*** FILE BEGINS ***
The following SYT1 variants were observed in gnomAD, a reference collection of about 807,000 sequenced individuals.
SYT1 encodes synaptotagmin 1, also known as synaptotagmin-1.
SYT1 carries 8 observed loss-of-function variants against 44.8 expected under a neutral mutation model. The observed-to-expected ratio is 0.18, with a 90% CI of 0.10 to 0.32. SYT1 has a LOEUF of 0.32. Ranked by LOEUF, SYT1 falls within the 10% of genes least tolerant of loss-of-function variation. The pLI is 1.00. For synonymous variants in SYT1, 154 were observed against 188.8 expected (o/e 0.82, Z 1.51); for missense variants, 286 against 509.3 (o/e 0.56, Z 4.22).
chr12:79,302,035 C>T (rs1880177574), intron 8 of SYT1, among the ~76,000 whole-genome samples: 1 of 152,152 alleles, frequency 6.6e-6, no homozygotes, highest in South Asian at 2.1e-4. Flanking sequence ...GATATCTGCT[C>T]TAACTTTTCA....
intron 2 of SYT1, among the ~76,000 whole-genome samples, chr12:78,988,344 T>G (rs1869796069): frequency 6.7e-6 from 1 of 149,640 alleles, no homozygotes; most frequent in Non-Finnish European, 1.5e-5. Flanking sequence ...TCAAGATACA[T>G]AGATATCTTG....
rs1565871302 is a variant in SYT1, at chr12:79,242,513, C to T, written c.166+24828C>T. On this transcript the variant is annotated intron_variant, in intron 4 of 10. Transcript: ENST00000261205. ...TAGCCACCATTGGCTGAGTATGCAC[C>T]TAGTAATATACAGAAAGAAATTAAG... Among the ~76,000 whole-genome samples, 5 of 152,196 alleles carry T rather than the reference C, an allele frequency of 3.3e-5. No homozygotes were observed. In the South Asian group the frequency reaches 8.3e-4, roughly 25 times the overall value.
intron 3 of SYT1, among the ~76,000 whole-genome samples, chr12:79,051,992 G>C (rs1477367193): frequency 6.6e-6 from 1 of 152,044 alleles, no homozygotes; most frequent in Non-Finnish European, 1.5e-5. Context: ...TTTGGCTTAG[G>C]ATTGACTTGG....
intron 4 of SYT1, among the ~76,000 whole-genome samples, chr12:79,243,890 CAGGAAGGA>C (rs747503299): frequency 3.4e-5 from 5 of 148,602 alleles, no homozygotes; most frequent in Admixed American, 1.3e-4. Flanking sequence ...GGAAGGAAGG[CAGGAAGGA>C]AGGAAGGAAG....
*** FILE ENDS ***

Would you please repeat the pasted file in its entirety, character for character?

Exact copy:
The following SYT1 variants were observed in gnomAD, a reference collection of about 807,000 sequenced individuals.
SYT1 encodes synaptotagmin 1, also known as synaptotagmin-1.
SYT1 carries 8 observed loss-of-function variants against 44.8 expected under a neutral mutation model. The observed-to-expected ratio is 0.18, with a 90% CI of 0.10 to 0.32. SYT1 has a LOEUF of 0.32. Ranked by LOEUF, SYT1 falls within the 10% of genes least tolerant of loss-of-function variation. The pLI is 1.00. For synonymous variants in SYT1, 154 were observed against 188.8 expected (o/e 0.82, Z 1.51); for missense variants, 286 against 509.3 (o/e 0.56, Z 4.22).
chr12:79,302,035 C>T (rs1880177574), intron 8 of SYT1, among the ~76,000 whole-genome samples: 1 of 152,152 alleles, frequency 6.6e-6, no homozygotes, highest in South Asian at 2.1e-4. Flanking sequence ...GATATCTGCT[C>T]TAACTTTTCA....
intron 2 of SYT1, among the ~76,000 whole-genome samples, chr12:78,988,344 T>G (rs1869796069): frequency 6.7e-6 from 1 of 149,640 alleles, no homozygotes; most frequent in Non-Finnish European, 1.5e-5. Flanking sequence ...TCAAGATACA[T>G]AGATATCTTG....
rs1565871302 is a variant in SYT1, at chr12:79,242,513, C to T, written c.166+24828C>T. On this transcript the variant is annotated intron_variant, in intron 4 of 10. Transcript: ENST00000261205. ...TAGCCACCATTGGCTGAGTATGCAC[C>T]TAGTAATATACAGAAAGAAATTAAG... Among the ~76,000 whole-genome samples, 5 of 152,196 alleles carry T rather than the reference C, an allele frequency of 3.3e-5. No homozygotes were observed. In the South Asian group the frequency reaches 8.3e-4, roughly 25 times the overall value.
intron 3 of SYT1, among the ~76,000 whole-genome samples, chr12:79,051,992 G>C (rs1477367193): frequency 6.6e-6 from 1 of 152,044 alleles, no homozygotes; most frequent in Non-Finnish European, 1.5e-5. Context: ...TTTGGCTTAG[G>C]ATTGACTTGG....
intron 4 of SYT1, among the ~76,000 whole-genome samples, chr12:79,243,890 CAGGAAGGA>C (rs747503299): frequency 3.4e-5 from 5 of 148,602 alleles, no homozygotes; most frequent in Admixed American, 1.3e-4. Flanking sequence ...GGAAGGAAGG[CAGGAAGGA>C]AGGAAGGAAG....